# Geometry convention Honeybee

Hi there,

I am developing an energy model with several stories which are the same. I am planning to only model one and use the multiplier.
I am struggling trying to define the WWR in the thermal zone. I could not figure out which is the geometry convention in OS/Honeybee. If I am not mistaken the interior floor is included in the geometry zone, that is, the thickness of the floor slab has to be included in the total zone height, is this true? do you know any other approach? What happens when I only model one floor independent from the other floors? is this floor counting as a ground-floor or an external floor inside the zone geometry?
Do any of you face this before? is there any agreement on this? Should I consider gross exterior wall area or the interior wall area?

Thanks

I think I remember Chris talking about this previously. I believe that HB uses the E+ default which is not to account for internal volumes - this is from Big Ladder

But when it comes to specifying the walls themselves in three-dimensional space, the walls should be entered assuming zero thickness. Once each surface has been placed, changing the material thickness will have no impact on zone volume, ceiling height, floor area, shading, or daylighting. For most modern buildings the choice of where to locate the wall: inside vs. outside vs. centerline should have little impact on results, so many modelers just pick one and let the volumes be slightly off. Using centerlines throughout the model splits the difference. Or some modelers use outer edges for exterior walls and then use centerlines for interior walls. If you are modeling a very thick wall, such as an old stone building, then you also have thermal mass considerations. If you use the outside edges there will be too much mass, inside will be too little. Again, centerline will split the difference and will be very close to the correct amount of thermal mass (possibly losing some corner mass)

Source:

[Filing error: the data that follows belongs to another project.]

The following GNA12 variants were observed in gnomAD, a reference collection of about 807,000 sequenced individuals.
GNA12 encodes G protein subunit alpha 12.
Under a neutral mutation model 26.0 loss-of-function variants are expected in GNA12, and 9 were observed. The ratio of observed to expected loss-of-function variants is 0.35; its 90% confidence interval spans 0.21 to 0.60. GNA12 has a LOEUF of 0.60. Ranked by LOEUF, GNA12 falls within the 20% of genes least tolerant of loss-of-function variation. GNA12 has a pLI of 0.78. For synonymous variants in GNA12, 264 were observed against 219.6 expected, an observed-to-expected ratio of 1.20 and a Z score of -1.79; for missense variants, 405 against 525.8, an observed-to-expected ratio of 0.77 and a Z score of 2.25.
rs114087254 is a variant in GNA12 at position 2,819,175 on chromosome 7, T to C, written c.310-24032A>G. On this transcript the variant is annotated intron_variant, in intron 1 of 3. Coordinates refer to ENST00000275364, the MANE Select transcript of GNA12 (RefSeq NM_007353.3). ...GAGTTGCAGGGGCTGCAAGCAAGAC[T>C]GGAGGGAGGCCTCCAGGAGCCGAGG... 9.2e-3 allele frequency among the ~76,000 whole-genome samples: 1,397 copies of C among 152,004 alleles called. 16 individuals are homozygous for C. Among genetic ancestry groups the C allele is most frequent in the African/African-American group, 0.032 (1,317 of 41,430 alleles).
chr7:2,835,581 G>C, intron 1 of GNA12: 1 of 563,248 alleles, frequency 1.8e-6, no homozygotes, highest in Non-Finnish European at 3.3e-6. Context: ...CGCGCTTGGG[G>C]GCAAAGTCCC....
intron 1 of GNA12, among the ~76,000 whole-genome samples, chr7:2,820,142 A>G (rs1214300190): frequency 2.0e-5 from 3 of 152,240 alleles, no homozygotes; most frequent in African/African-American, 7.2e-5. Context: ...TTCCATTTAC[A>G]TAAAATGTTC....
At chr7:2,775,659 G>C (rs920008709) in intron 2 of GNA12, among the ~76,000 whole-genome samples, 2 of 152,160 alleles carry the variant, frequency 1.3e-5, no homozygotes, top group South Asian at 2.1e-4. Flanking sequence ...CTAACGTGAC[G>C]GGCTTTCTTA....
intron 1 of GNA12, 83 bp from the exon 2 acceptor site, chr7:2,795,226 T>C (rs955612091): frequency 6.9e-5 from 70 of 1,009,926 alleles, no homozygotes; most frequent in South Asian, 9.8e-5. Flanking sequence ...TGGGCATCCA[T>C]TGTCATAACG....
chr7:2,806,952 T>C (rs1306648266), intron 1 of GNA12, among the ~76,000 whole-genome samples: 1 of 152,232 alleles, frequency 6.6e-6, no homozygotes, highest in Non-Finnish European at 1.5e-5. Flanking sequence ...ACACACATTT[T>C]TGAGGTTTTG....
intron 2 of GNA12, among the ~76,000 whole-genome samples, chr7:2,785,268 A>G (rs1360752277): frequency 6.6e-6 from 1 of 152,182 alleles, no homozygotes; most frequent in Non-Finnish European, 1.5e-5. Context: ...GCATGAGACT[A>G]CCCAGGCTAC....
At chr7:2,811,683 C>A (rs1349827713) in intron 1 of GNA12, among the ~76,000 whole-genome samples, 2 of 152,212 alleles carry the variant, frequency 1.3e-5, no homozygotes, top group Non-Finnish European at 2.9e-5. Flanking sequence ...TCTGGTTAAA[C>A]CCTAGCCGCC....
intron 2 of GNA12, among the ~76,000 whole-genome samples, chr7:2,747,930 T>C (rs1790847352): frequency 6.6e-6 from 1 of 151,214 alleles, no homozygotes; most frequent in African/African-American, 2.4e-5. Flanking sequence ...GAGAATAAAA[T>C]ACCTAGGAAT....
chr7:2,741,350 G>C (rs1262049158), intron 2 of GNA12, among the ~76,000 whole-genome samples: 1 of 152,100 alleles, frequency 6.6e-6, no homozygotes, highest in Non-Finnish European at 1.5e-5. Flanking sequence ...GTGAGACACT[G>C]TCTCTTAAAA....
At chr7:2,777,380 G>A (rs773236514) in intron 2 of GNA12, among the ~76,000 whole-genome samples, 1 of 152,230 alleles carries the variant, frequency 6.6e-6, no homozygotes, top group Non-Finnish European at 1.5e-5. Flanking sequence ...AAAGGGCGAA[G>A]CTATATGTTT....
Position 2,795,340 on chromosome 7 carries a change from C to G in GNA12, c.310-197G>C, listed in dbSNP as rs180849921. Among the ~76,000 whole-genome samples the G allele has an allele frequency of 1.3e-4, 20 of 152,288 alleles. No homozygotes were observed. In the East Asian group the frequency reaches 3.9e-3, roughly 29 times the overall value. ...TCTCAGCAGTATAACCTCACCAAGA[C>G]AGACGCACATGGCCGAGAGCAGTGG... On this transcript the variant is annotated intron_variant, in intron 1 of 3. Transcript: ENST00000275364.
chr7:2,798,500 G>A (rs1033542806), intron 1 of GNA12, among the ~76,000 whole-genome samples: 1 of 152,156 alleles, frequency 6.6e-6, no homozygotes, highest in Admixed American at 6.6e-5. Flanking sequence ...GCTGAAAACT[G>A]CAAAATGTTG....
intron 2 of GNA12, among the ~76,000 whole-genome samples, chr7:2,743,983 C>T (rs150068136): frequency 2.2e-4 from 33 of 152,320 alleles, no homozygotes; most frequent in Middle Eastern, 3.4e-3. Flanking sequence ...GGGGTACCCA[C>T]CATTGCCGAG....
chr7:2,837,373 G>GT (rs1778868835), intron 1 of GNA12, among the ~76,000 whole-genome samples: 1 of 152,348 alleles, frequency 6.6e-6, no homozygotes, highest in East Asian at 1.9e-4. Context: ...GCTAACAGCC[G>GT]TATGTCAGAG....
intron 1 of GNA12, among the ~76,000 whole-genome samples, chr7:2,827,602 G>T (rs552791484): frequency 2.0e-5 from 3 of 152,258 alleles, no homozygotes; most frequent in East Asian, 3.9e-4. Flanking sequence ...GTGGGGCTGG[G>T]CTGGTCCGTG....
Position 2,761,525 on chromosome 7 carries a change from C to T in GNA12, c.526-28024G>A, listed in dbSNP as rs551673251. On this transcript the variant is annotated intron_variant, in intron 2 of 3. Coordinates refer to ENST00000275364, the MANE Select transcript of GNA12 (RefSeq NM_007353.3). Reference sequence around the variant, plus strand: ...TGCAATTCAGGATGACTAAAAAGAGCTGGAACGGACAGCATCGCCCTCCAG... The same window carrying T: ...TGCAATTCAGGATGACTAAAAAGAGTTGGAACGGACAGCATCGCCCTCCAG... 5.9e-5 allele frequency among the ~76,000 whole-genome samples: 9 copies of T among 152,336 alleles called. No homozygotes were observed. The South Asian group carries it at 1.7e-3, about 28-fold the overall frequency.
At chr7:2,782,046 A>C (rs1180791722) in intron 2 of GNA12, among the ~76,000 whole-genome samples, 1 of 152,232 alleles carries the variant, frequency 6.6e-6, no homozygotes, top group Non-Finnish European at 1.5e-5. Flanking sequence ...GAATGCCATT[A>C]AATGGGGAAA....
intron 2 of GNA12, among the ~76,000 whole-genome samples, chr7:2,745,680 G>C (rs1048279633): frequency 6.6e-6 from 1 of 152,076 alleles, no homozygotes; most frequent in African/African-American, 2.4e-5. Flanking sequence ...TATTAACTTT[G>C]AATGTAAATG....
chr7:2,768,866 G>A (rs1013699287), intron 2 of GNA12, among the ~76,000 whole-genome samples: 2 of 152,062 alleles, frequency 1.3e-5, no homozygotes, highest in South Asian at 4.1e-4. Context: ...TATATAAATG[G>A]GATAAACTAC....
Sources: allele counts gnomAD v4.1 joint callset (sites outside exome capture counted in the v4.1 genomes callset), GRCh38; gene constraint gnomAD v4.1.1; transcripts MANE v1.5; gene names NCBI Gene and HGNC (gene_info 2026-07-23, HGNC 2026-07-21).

So it comes down to how youâ€™ve approached drawing your geometry. Personally I would draw from finished floor height to finish floor height, internal walls to centrelines and external walls to outside edges. Then your window wall ratio would be the same, ie finished floor to finished floor.

When I model a typical floor I set the floor and ceiling adjacent condition to adiabatic - ie no heat transfer. This is representative where the adjacent condition is expected to have similar temperature.

Side note - Design Builder which is also powered by E+ allows the user to choose how construction thicknesses are accounted. I would love to see this in HB as well

https://designbuilder.co.uk/helpv7.0/Content/GeometryAreasAndVolumes.htm

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Hi,
It is worth to search for `"Gross floor area"` in the forum. Some explanations there can make things clear, like this post.
You can also use the `Room_Attribute` component to get the gross or neat area value of the roomsâ€¦
-A

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Thanks @AbrahamYezioro for the information regarding gross floor area. However my concern is not about the walls but the interior floors. Are these included in the zone the same way than the external walls? Can you confirm me finish floor to finish floor is the height of my zone? I have use the room attribute volume for this exercise changing my floor thickness was not affecting the volume, therefore can I assume is not accounting for the floor?

Yes, i believe HB takes from finish to finish.
It will be nice to have a â€śNet_Volumeâ€ť, â€śNet_Areaâ€ť outputs. As i understand, the later is on the scope to be done.

-A.

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